Would I make it to our destination or  would I end up sleeping by the side of the Camino trail? That was Brett’s stern warning to me…Not wanting to appear a wimp, I willed myself to go on. We stopped in a village to down some iced tea and sat outside, where we guzzled several cans. We took off our trail running shoes for a while and Brett massaged my poorly right foot, which temporarily improved rotation so that I could continue walking. The last 5 – 8 km of the day were almost unbearable but Brett motivated me to keep on going. The trail into Alvaiázere seemed endless. It was a long walk into the town centre and no falcons in sight. We kept our eyes open for a sign to the albergue and had to ask directions a couple of times to be sure.

An amazing find in the land of the falconers

Eventually, we reached the centre of town and found Albergue Pinheiro’s above the launderette. Our relief was tangible. Immediately, we met the Irene Pinheiro, the mother of the owner, who was so kind that I burst into tears for the second time. How embarrassing! Irene didn’t bat an eyelid though. Perhaps she had seen it many a time before. She kindly explained her son would be back soon and in the meantime she let us in and we were able to have a private double room, with shared bathroom for 10 Euros each plus breakfast for another 2.50 Euros each! Had I died and gone to heaven?

What a find! Albergaria Pinheiro is one of the Camino Portugues’s treasures.

 After a shower and a brief nap, Brett and I met Carlos, the owner, who bore a passing resemblance to the actor Anthony Hopkins. Carlos is a real Camino enthusiast and has gone out of his way to make pilgrims feel especially welcome. John Brierley, the author of the famous Camino guides, stayed here and Carlos honoured him by naming one of the rooms after him.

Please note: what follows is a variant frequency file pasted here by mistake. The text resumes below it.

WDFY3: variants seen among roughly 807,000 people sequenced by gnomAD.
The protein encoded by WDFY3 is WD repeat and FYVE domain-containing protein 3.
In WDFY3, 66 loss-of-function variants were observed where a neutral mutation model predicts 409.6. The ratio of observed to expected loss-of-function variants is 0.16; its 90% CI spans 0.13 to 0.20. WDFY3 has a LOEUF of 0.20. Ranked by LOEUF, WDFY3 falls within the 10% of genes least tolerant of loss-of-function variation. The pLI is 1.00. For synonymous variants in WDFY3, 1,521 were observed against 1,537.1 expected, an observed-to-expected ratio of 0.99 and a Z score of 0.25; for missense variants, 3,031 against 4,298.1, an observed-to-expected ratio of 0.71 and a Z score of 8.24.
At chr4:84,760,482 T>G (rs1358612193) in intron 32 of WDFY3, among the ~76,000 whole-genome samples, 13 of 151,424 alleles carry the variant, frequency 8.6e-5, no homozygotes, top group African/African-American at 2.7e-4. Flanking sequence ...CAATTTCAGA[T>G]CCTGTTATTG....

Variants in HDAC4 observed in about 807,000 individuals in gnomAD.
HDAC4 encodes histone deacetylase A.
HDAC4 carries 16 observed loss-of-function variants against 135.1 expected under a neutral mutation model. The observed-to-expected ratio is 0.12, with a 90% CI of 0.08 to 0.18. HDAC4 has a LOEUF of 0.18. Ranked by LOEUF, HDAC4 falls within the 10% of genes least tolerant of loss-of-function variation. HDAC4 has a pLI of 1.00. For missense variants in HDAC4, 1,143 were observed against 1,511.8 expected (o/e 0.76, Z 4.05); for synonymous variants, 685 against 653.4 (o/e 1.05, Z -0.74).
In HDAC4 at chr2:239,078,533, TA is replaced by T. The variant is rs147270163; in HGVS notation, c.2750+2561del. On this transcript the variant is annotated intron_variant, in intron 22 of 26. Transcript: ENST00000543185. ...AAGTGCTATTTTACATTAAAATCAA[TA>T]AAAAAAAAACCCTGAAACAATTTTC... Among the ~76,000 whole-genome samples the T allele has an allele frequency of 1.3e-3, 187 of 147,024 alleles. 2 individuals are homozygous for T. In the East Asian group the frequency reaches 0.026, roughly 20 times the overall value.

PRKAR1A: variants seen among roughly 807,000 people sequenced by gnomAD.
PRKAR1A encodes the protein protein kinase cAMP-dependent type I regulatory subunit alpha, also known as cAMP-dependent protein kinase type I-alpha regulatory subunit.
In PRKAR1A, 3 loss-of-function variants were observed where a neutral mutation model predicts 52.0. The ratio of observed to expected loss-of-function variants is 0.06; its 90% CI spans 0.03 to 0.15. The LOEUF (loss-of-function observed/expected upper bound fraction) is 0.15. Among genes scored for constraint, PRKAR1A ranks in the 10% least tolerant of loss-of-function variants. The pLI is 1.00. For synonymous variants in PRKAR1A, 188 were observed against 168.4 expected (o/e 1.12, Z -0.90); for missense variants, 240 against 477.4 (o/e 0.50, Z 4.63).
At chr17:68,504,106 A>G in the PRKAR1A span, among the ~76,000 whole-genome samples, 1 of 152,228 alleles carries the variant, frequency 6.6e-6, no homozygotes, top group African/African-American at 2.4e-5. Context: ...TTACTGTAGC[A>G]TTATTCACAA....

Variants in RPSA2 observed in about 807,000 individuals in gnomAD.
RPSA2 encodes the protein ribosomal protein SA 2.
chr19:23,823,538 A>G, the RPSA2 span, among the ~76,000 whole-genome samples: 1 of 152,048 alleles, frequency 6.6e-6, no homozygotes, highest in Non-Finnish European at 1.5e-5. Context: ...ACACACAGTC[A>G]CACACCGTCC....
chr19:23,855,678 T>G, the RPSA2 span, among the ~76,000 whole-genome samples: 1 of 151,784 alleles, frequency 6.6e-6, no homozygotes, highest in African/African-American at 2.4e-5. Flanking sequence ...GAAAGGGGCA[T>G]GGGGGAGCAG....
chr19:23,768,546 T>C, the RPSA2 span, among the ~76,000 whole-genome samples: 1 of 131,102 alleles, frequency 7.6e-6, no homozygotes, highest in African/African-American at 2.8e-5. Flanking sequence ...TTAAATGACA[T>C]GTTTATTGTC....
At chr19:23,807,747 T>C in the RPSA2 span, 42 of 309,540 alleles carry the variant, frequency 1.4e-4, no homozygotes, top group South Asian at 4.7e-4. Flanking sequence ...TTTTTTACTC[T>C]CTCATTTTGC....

Carlos invited us to present our pilgrim credencials so we could receive not one but three unique pilgrim stamps that he had personally created. At this moment, I remembered a crucial scene in ‘The Way’ film when the happy band of pilgrims turned up to Ramon’s Albergue, where Ramon also had created a unique stamp, but that is where the similarity ends….(phew), because we were more than happy to stay at Albergue Pinheiro’s!

Carlos introduced us to his friend Pedro, a photojournalist working in travel and tourism. He was a jovial soul, very amenable and a mine of information. Pedro took the time to give us plenty of top tips for walking the coastal route, including recommendations for albergues and advice on how to break up some of the long stages. 

Harald, Pedro and Carlos at Albergue Pinheiro’s.

Carlos and Pedro recommended Café Quintanha for dinner, where we bumped into them a bit later on and heard more Camino stories!

Distance walked today = 34 km

Cumulative distance walked = 207.38 km

Day 10 – 20th October 2016, Alvaiázere rest day

Brett and I decided to take a rest day, here in the land of the falconer. I needed some time for my right foot to settle down and we both enjoyed a lie in for a change. I relish the rest days on the Camino. They are precious.

Today we pottered around the town, took delight in several coffees, made our own lunch, rested some more and chatted to the various guests trickling in during the afternoon. There were two Dutch cyclists, a German photojournalist called Harald, a Canadian lady and an Irish guy. Not every person was a pilgrim on the Camino, however, we were all pilgrims in one way or another, along this journey we call life.

In the evening, we all joined the same table for dinner, once again at Café Quintinha, where the food is excellent and great value and we are looked after by  a great host and hostess. Afterwards, Harald interviewed me about both of my Camino journeys for an article. Meanwhile, Carlos and Pedro took Brett out to a country house they were renovating for a future tourism project. It was a long trip, but Brett found the property interesting and they were able to talk about construction methods and tips.  

On their return, Pedro gave me some fresh leaves from an aloe vera plant they had found and showed me how to apply it to my sunburned face. Aahhh relief. Such kindness. Carlos gave each guest another special stamp to remember our stay by. Somehow, we knew we would never forget our sojourn here. 

Distance walked today = I didn’t count ha! How liberating!

I wonder what tomorrow will bring…

Peace, love and light,

Sarah xxx


5 thoughts on “Finding respite in the ‘land of the falconers’, Alvaiazere.

  1. Our journey brought us to a great Albergue and though Sarah had struggled with her painful right foot she pulled out all the stops and trooped on. So proud of her on this journey. A totally awesome job.

    Liked by 1 person